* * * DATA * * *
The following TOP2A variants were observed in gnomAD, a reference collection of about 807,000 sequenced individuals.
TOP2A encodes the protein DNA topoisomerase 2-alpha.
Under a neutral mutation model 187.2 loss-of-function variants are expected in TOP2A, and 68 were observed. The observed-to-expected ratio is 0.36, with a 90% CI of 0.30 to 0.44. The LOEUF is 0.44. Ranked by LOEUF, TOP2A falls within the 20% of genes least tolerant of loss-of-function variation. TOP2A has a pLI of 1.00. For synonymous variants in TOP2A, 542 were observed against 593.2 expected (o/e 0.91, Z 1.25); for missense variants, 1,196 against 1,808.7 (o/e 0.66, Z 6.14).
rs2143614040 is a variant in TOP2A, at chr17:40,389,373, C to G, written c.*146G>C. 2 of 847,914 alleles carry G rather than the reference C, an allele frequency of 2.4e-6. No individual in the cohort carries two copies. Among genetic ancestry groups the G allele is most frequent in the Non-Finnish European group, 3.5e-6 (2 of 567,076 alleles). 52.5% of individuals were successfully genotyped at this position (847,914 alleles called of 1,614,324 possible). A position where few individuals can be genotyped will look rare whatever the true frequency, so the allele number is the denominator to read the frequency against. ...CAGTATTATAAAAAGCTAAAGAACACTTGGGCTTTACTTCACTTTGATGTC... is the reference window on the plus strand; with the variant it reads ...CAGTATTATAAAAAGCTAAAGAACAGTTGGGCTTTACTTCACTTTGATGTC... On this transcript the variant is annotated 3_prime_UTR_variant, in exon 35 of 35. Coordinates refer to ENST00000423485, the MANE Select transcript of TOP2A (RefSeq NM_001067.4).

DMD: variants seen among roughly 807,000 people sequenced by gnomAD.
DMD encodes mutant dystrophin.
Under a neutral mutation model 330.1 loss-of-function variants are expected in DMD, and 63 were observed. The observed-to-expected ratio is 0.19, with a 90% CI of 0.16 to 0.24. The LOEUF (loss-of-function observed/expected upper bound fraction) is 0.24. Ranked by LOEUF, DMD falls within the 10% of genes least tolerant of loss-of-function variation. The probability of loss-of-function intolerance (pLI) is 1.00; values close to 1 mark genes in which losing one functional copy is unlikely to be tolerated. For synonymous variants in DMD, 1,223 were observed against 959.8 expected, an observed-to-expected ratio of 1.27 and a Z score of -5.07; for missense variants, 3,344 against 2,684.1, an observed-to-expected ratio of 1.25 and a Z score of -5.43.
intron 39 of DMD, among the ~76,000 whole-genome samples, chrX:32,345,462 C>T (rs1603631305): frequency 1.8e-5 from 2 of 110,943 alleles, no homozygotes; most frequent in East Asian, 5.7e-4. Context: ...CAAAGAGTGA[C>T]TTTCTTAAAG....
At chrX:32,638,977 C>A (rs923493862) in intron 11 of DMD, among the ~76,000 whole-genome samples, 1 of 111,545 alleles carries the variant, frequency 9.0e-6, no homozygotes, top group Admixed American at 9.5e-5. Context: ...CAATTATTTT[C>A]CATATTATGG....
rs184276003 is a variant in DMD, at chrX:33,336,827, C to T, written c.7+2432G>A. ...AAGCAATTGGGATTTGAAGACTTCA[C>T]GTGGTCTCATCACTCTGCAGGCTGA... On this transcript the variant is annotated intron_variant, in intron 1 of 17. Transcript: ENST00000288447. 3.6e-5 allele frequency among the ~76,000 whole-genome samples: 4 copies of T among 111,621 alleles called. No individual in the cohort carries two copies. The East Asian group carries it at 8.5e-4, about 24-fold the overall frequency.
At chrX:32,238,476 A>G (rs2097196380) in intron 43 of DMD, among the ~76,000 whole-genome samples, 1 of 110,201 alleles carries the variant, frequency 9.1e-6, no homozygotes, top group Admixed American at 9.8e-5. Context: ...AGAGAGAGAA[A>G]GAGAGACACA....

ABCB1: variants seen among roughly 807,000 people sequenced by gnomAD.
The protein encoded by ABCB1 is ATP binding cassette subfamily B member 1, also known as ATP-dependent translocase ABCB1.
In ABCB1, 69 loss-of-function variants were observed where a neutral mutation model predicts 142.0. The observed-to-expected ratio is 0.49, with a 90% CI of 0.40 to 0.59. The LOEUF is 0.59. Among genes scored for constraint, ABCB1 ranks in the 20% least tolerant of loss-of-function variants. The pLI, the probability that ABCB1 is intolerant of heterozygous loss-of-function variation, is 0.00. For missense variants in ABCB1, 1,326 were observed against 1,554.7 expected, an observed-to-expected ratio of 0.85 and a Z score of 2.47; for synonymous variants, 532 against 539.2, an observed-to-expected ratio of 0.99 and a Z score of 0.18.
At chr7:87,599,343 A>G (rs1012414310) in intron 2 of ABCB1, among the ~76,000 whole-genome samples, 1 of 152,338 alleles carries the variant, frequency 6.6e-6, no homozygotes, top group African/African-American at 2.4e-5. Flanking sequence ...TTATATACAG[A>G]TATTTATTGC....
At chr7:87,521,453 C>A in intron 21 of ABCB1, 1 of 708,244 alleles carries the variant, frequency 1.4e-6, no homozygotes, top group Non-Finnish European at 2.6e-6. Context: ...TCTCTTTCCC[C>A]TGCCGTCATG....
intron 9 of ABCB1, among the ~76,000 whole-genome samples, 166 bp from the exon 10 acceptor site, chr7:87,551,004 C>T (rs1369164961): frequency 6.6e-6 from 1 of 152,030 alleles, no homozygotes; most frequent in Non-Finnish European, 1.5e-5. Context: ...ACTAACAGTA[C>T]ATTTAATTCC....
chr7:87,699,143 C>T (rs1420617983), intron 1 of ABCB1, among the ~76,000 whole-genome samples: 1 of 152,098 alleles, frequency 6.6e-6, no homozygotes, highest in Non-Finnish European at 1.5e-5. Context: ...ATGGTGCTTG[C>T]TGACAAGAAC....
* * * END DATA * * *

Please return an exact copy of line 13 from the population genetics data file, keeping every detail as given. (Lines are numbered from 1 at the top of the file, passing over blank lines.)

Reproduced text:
The protein encoded by ABCB1 is ATP binding cassette subfamily B member 1, also known as ATP-dependent translocase ABCB1.